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The Killings at Badger’s Drift

People are probably most familiar with the fictional English county of Midsomer, and Detective Chief Inspector Barnaby from the long running BBC mystery series, Midsomer Murders. This novel provided the inspiration and central characters, as well as the plot for the first episode, which followed Caroline Graham’s plot quite faithfully. (The first five episodes of the series are adaptations of the first five novels; the rest simply make use of the characters.)

The most significant changes appear in Detective Sergeant Troy, who is a much sleazier chap in the novels, and the death of the first victim, Emily Simpson, who dies of poisoning in the novel but is beaten to death in the series.

 Graham creates a fictional environment centered around a mostly rural English county, filled with picturesque villages, quaint characters, and a startling propensity amongst the inhabitants to solve their problems by murdering each other at an altogether alarming rate, though the books are somewhat less murder-plagued than the program. Fans of the television series have been known to wonder if the murder rate in Midsomer might not be sufficient to depopulate the place in a few years.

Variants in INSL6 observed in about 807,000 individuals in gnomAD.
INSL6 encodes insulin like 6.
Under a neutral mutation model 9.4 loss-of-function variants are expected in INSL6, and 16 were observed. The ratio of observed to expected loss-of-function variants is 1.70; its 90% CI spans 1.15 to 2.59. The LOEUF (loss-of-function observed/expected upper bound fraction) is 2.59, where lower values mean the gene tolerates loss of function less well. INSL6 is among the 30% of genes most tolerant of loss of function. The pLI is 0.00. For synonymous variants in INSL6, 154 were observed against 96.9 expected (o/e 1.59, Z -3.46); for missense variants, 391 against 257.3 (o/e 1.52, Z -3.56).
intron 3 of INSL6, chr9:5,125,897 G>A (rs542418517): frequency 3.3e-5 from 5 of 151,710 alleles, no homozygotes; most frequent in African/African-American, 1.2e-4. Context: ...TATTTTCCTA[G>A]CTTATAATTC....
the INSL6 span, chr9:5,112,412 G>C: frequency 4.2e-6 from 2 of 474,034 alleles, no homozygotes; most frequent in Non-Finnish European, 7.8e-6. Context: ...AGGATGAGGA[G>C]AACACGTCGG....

Barnaby is a nicely rounded out character, one who combines the experience and skills that go with his job (a British chief inspector is the equivalent of a captain in most American police departments). One of the things introduced in this novel is Barnaby’s willingness to work long hours, particularly if doing so will allow him to avoid his wife’s culinary failures.

There are also plot elements I find particularly interesting, given my own literary output. I’ll leave you to read the book and find those for yourself, presuming you haven’t already watched the TV version and know what I’m talking about.

I would definitely recommend reading this and the other DCI Barnaby novels, particular if you have not seen the television versions and therefore don’t already know who the murderer is.


Kindle: Buy it now.